Lloyd Still Out; RLR's Hunter-Reay Crashes

Alex Lloyd, injured Friday in the hardest crash of the month at the speedway, was released from Methodist Hospital in Indianapolis on Saturday morning but has not yet been cleared to drive by the Indy Racing League. He will be evaluated by IRL medical staff again next week.

Lloyd, driving in a joint operation between Rahal Letterman Racing and Chip Ganassi, crashed into the Turn 1 SAFER barrier, doing significant damage to the No. 16 Dallara-Honda. The 2007 Indy Lights champion complained of neck pain and was taken to the hospital for a CT scan, which was negative, and was kept overnight for observation.

While RLR continued to fix that car, it got another repair job Saturday. Indy 500 rookie Ryan Hunter-Reay attempted a second qualifying run late in the day after being bumped from the top 11 spots, and backed it into the wall in Turn 3 of his second lap.

"We had the speed yesterday so we had a taste of it, but we just couldn't recreate it today," said Hunter-Reay, who was unhurt in the crash. "We wanted to make the car a little better on the exit [of the turns] because that is where we were having trouble, but we were on the edge and we just went over."

John Schwarb is a freelance journalist covering motorsports and a contributor to ESPN.com. He can be reached at johnschwarb@yahoo.com.


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Injured Crewman Still Hospitalized

Dale Coyne Racing's Chuck Buckman, chief engineer for Mario Moraes, was transferred out of an intensive care unit but remained hospitalized Saturday after an accident during Friday's practice.

While walking through the Andretti Green Racing pit area he was clipped by the left front of Danica Patrick's incoming car and sent flipping into the air. He landed on his head, briefly losing consciousness, and suffered a traumatic subarachnoid hemorrhage and a skull fracture.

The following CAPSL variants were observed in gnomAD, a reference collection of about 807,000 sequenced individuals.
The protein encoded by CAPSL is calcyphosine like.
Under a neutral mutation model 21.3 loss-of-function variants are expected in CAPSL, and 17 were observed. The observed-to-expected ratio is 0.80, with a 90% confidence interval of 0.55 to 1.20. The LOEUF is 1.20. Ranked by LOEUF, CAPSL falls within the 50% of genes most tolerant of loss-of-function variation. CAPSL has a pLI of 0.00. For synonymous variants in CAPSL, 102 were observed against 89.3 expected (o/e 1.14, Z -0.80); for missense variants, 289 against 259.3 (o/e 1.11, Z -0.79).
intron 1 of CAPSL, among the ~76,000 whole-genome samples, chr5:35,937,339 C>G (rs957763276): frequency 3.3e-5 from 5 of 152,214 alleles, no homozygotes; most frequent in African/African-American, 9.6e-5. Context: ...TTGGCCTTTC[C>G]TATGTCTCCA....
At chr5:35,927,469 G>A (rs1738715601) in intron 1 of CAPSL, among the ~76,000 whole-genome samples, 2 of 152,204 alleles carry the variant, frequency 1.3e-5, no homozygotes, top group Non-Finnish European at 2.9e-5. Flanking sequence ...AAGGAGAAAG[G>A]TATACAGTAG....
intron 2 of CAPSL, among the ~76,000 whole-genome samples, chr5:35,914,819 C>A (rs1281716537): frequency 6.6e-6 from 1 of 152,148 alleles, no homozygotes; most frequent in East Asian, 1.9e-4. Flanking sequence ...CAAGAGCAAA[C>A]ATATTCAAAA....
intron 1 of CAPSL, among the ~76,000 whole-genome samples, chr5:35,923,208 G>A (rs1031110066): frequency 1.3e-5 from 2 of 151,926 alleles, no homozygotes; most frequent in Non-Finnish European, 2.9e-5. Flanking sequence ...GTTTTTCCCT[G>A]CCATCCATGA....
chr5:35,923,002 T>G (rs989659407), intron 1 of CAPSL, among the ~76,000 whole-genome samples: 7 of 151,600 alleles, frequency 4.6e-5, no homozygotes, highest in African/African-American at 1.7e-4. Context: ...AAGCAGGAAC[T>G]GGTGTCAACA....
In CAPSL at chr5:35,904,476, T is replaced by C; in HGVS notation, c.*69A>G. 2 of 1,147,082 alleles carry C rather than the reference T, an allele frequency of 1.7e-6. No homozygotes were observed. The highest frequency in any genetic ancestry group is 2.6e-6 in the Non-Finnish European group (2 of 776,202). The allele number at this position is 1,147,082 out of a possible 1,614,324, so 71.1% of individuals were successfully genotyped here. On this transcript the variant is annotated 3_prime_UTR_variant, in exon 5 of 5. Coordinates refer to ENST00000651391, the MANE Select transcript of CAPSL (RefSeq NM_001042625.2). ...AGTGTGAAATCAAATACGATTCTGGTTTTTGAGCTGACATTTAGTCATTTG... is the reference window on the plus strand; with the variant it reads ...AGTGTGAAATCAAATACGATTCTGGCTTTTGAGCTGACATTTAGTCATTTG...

Team owner Dale Coyne visited Buckman at the hospital Friday night and said he was resting comfortably and in good spirits, even able to joke about the incident, but Buckman won't return to work until next week at the earliest.

"He looks terrible -- his face is all scarred up and there's a big bump on his head. That's what [doctors] are worried about, the bump on the head, because it's swollen," Coyne said. "I'd love to see him out here tomorrow, but he's not coming out here. He needs to rest. There's no hurry."

Patrick declined further comment on the incident after issuing a brief statement Friday evening, but said Saturday that she had been updated on Buckman's condition.

Changes In The Landscape

John Andretti


One day after lamenting that he should have chosen NASCAR Sprint Cup racing at Darlington, S.C., this weekend rather than trolling the garage at Indy for work, John Andretti got his seat for the 500.

Andretti, an eight-time starter in the race and cousin of seventh-qualifying Marco Andretti, is replacing rookie Jay Howard in the No. 24 Roth Racing entry.

"As a result of the days lost to weather and losing our chief engineer [David Cripps to Panther Racing] days before the start of this month, we found ourselves behind the eight ball," Roth Racing president Margaret Roth said. "John brings with him a wealth of experience, which can help us build two competitive cars for the 500."

Roth said Howard, 20th in series points, will return for the next IndyCar race at Milwaukee.

Andretti drove practice laps in the No. 24 Saturday but did not make a qualifying attempt.